During the first three years of her career, she turned to interior design, a process she describes as “effortless and fair”. And, luckily, one of his first big clients was someone who had already asked him for advice. “We collaborated and added hand-painted grasses to the door fronts, removed old wallpaper and created a southern French wash on the walls,” she recalls. “It turned into replacing his countertops, flooring and updating the family room. A year later, she called me and asked if I would work with her and her architect on her dream home that was in the process of being innovated. This is the project that launched me into the world of full service design. »
Sometimes a vision and an opinion are enough.
Seal the deal with social media
Katie Davis has always been the “token design friend” of her circle, but it wasn’t until she and her husband bought their own home that she realized she could harness her big eye into a successful career. . The problem was that Davis had a law degree and no connection to the industry. So she harnessed the power of social media. “I posted a call to action on Facebook, letting family and friends know that I could help with design projects – bathroom renovations, nurseries, etc. [and the like],” she says. “That’s before I even started my business.”
After Davis had a few projects under her belt, she turned her Instagram feed into a “living portfolio.” She explains, “At that point, it wasn’t so much about building awareness with potential clients, but creating a moodboard of my work and showcasing my aesthetic so that potential clients knew who I was. This gave legitimacy to my business and gave me name recognition with a target audience.
Not only did her booming social media platform attract new customers, but it also helped her loosen her network and build chops by connecting with new vendors. “Recently we posted the work of a seller we ordered a few items from on Instagram; he reached out and asked about other projects we had and shared other things he had up his sleeve that we might be interested in,” she says. “Instagram really reproduces this intimacy between craftsman and designer.”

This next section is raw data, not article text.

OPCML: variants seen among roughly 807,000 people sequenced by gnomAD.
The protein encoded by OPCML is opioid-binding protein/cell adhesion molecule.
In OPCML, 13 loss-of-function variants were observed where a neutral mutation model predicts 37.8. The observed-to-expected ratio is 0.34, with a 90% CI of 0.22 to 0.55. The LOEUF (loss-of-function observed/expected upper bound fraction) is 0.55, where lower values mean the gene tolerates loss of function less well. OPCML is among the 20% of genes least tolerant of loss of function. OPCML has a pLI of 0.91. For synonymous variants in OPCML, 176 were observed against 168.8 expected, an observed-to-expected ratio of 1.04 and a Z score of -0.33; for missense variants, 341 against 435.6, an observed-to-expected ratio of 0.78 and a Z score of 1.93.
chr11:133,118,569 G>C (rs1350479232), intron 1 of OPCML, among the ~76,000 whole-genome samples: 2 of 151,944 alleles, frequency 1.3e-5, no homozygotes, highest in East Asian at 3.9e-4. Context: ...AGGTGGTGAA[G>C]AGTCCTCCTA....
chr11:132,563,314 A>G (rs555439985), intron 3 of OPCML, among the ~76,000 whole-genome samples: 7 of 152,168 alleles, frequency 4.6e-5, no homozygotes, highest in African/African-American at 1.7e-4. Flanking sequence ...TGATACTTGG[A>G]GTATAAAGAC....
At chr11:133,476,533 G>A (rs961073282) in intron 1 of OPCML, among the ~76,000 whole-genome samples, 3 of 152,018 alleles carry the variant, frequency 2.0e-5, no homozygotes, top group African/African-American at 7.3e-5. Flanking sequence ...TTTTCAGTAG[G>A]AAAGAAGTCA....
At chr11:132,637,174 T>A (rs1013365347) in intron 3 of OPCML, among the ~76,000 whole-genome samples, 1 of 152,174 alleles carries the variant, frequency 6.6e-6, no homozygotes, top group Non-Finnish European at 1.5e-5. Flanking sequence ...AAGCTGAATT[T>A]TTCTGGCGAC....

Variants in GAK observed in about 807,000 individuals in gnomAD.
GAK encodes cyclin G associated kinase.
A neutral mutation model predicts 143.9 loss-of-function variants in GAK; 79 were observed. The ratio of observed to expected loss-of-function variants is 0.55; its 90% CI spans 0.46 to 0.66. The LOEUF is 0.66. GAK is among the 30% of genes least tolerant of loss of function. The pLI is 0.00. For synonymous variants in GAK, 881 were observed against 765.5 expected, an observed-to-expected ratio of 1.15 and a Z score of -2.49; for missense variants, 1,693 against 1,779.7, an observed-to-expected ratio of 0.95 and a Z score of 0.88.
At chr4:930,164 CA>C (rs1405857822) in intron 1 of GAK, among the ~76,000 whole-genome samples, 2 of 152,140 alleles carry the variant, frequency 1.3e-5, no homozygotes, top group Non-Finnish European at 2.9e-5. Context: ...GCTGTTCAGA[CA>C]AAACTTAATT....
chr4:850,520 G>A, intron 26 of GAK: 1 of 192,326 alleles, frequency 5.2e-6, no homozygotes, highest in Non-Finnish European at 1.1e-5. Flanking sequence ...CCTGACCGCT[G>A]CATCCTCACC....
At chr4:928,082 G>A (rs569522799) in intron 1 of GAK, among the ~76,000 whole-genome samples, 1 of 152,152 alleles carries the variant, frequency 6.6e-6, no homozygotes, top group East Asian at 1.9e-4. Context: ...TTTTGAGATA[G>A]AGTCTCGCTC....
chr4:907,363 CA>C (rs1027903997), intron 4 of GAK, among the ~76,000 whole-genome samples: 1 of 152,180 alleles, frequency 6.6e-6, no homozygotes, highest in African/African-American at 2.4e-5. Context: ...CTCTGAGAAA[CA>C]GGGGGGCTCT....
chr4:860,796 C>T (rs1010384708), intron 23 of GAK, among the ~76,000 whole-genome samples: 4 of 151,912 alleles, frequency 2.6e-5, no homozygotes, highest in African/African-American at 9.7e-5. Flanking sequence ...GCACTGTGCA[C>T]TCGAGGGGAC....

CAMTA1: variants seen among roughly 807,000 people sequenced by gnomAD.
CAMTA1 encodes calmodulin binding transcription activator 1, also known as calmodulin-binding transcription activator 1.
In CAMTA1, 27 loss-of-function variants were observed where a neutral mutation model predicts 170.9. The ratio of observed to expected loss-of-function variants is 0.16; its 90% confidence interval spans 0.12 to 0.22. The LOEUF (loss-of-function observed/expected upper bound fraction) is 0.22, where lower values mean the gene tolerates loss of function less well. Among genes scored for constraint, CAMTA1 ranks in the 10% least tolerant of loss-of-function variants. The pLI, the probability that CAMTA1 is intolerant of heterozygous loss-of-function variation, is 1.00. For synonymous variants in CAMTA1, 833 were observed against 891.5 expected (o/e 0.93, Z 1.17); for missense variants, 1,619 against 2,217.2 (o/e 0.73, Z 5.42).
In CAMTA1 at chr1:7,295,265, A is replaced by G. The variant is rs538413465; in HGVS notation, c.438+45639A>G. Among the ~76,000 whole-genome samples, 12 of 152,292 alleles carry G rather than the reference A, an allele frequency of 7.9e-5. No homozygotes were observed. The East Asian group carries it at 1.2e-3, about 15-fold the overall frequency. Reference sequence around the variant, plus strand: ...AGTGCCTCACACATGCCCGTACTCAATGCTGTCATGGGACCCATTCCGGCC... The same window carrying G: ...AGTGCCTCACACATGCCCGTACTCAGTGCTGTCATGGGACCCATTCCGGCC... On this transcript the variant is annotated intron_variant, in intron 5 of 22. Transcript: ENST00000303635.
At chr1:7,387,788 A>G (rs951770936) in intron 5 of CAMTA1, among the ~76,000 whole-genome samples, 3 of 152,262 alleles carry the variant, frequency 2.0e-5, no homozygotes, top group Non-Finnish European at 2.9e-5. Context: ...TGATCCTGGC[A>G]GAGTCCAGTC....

Do you dare to try a… dating app?
Dating apps like Hinge, Bumble, and Tinder may have revolutionized modern-day cute dating, but for the designer Kelly Martin these platforms have helped her embark on bolder projects and new demographics. “A friend of mine was telling me that ‘guy flats’ aren’t generally acceptable for bringing dates home,” she explains. “And that men would probably appreciate a designer’s eye to make them look more tasteful and sophisticated.”
So, with the help of his friend, Martin created a profile to attract new clients. To keep her presence strictly professional, she filled her profile with marketing materials. Although Martin admits that many of her suitors were more about dating than design, she said the tactic attracted some potential customers. “It was worth the ridicule for that,” she says.
Conjuring up a Craigslist listing
Craigslist is a great destination for used furniture and the occasional apartment listing these days. But 15 years ago, that’s how Dan Mazzarini got into residential design. “I was talking to a friend that I was helping with an apartment, and I think he said he had researched and posted designers on Craigslist,” he says. “When I got home, I looked around, and there were all these posts for people looking for weekend warrior-type designers. So I tried a few- ones!
Mazzarini was responding to advertisements looking for short-term projects – he says Commercial spaces influenced people’s desire for “quick fixes”, but the lack of modern technology made DIY more tricky and attracted customers along the way. “I helped these roommates who lived in Harlem reupholster chairs,” he recalled. “They were in awe of how making the right decisions and (a lot of) elbow grease totally changed their space. It was fun to work with them and their gratitude was sincere.
Besides getting clients, these small jobs taught Mazzarini important lessons like managing a tight budget or schedule and communicating with vendors. (Translation? Everything he needed to build his business, BHDM.) “My business has grown and evolved, but I still think there’s no better reward than a happy residential customer,” he says.